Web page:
- the current expansion proposal is "community-driven."  The sole reason WM moved away from its "twice as high, twice as wide" plan was community outrage.  In the past nine years, Stop the Dump Coalition, its allies, and hundreds of citizen activists have raised their voices to protest WM's plans to exploit our County merely to enhance WM's bottom line.

You can continue this tradition of speaking out -- write the News Register a letter today (deadline for Friday's paper is noon Wednesday).  Tell the paper, its readers, and WM what you think of proposals to expand Riverbend Landfill:

PS.  "140 letters" refers to the number of characters in a tweet.  Can we submit 140 actual letters to the editor?  Write now!

Note:  Article updated 6-13-17 to reflect new information about the 450-acre "stewardship" lands.

Thursday, May 25, 2017

Metro Dumps Riverbend

Today Metro sent a strong message to Waste Management when the Metro Council voted to prohibit sending waste to Riverbend Landfill after 2019.

Dump expansion opponents have been working toward this day for years and were gratified that the Metro Council voted "to do the right thing."

According to Stop the Dump Coalition President Ilsa Perse, Metro Councilors Stacey, Chase, Harrington, Collette, and Craddick all spoke eloquently about their belief that it was time Metro stopped contributing to current and future environmental issues at Riverbend.  The Councilors acknowledged that landfilling may be the cheapest way to dispose of waste, but argued that cost savings don't make it right to dump that waste at a landfill in an environmentally sensitive location.

Councilor Harrington added that her vote reflected her values.  She stated that her constituents in Washington County do not want to continue using Riverbend.

The new ordinance prevents Metro from sending waste to any landfill that must expand (or be built) in order to accept that waste.  The prohibition goes into effect when Metro enters into new hauling contracts beginning in 2020, but applies to any landfill that expands or is constructed after today.

The Metro Council was convinced that its commitment to a "green" future was in jeopardy if it sent future waste to an expanded landfill, given that nearly 500 years of landfill capacity already exists within easy reach of Metro's boundaries.

Metro's decision may not keep Waste Management from pressing forward with its expansion at Riverbend.  The company is on record as saying that without Metro's garbage an expanded landfill is not financially viable.  However, at a meeting earlier this month, WM's lobbyist told the Metro Council that Riverbend would expand with or without Metro's garbage.  The expansion, of course, is tied up in court.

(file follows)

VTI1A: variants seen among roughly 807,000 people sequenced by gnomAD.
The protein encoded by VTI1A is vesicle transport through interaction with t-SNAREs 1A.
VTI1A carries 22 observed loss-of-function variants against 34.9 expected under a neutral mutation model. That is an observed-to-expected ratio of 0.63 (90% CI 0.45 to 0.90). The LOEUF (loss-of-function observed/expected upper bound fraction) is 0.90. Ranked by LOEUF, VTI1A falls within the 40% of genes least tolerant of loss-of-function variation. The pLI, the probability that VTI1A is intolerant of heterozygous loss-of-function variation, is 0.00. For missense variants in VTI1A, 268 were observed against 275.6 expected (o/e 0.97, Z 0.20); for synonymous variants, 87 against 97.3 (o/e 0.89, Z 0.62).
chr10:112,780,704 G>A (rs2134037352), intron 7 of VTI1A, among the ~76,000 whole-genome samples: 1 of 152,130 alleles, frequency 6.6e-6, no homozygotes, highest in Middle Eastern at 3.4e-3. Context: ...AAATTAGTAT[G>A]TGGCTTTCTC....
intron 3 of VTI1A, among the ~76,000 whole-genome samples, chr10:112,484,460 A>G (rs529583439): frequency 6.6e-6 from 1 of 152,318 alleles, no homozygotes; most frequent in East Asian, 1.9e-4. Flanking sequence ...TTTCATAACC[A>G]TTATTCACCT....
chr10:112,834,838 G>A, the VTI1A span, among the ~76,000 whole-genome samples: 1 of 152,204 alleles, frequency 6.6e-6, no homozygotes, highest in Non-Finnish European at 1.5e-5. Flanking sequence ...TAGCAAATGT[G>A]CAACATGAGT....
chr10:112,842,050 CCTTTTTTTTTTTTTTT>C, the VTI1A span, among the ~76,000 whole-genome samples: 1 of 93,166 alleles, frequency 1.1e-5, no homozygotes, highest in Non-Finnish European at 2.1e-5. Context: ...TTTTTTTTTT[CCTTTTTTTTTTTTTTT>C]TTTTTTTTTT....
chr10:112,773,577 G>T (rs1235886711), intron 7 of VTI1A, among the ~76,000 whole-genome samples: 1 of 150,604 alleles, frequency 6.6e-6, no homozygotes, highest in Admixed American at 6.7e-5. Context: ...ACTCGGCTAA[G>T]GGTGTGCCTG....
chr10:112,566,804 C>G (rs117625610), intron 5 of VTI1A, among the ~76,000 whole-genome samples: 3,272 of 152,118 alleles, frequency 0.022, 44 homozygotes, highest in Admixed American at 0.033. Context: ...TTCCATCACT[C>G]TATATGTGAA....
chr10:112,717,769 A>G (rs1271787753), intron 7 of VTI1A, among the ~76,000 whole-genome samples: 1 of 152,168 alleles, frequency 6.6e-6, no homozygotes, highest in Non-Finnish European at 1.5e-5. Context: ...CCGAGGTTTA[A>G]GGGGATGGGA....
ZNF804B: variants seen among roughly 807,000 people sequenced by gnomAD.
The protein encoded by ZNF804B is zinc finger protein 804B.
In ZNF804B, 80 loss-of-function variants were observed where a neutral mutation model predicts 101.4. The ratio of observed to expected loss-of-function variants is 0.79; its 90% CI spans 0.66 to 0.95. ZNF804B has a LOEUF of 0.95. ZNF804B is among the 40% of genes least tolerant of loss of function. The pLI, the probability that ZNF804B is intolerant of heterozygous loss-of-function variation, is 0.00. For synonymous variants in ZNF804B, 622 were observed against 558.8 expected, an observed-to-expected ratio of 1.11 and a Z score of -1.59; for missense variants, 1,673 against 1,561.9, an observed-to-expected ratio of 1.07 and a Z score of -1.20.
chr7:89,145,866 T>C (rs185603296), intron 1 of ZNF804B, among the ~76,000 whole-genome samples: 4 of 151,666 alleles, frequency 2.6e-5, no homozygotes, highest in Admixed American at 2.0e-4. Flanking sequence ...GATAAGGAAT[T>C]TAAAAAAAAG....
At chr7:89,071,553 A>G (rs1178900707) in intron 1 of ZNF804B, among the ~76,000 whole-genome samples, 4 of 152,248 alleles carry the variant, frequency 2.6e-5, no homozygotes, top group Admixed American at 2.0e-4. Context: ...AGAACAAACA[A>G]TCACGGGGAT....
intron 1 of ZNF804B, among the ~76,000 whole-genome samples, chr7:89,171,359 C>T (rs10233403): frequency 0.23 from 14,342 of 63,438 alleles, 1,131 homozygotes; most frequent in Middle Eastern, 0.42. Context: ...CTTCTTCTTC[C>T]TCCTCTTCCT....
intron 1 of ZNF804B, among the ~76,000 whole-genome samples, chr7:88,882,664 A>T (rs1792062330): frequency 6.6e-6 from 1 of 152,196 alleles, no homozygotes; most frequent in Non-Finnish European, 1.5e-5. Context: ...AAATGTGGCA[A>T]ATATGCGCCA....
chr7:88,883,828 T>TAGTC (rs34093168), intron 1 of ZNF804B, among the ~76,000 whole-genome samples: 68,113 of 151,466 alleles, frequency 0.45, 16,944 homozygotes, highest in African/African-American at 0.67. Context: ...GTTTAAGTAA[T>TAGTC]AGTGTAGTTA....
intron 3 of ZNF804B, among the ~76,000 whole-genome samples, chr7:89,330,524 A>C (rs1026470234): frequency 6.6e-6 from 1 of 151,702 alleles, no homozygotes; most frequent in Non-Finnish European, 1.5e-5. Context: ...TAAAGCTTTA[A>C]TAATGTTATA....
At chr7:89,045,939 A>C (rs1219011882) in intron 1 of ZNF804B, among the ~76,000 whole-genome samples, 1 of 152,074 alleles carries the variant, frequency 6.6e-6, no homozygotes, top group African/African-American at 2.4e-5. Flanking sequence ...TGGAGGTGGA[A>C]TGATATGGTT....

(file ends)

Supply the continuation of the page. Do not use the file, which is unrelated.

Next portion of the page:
Perse said Stop the Dump Coalition and its allies "are so thankful for the support of those five councilors."  Stacey especially worked hard to develop information that would convince his fellow Councilors that continued use of Riverbend would undermine Metro's ideals.  These Councilors deserve the hearty thanks of all who want to see Riverbend close.  You can thank them at

Tuesday, May 16, 2017

Another Day - And Way - To Stop the Dump!

This Thursday, May 18, the Portland Metro Council will hold a public hearing on Ordinance 17-1401, which would prohibit dumping Metro garbage at Riverbend Landfill.

Metro is the agency that collects garbage in Clackamas, Multnomah, and Washington Counties and then sends a hefty percentage of that waste to Riverbend.  Metro prides itself on being "green."  Ordinance 17-1401 targets landfills that must expand or be built in order to take Metro's waste.  The Ordinance is based on the fact that already-existing landfills near Metro hold nearly 500 years capacity among them.

Current hauling contracts end in 2019.  The Ordinance would prohibit new contracts that allow dumping at any landfill that expands or is constructed after May 25, 2017.

Texas-based Waste Management Corporation (WM), the owner of Riverbend, has paid lobbyists to vigorously oppose the ordinance.  WM's hauling contract, which guarantees it gets to haul most of Metro's waste, expires at the end of 2019

Riverbend sits on prime EFU farmland along the banks of the South Yamhill River -- which flows to the Willamette and then on through Portland.  The South Yamhill River contains listed runs of endangered steelhead and salmon and regularly floods. The oldest cells in the dump are unlined, leak, and extend below the winter water table.  Most of the garbage in this leaking, regional dump on the South Yamhill River is from Portland Metro, especially Washington County.

If you live within the Metro boundaries, you can testify at the hearing in support of the ordinance.  Tell Metro that, as a resident of the Metro area, you do not want your garbage going to Riverbend Landfill.  Say you support Ordinance 17-1401 -- in fact, put that in your subject line.  Ask your friends to do the same.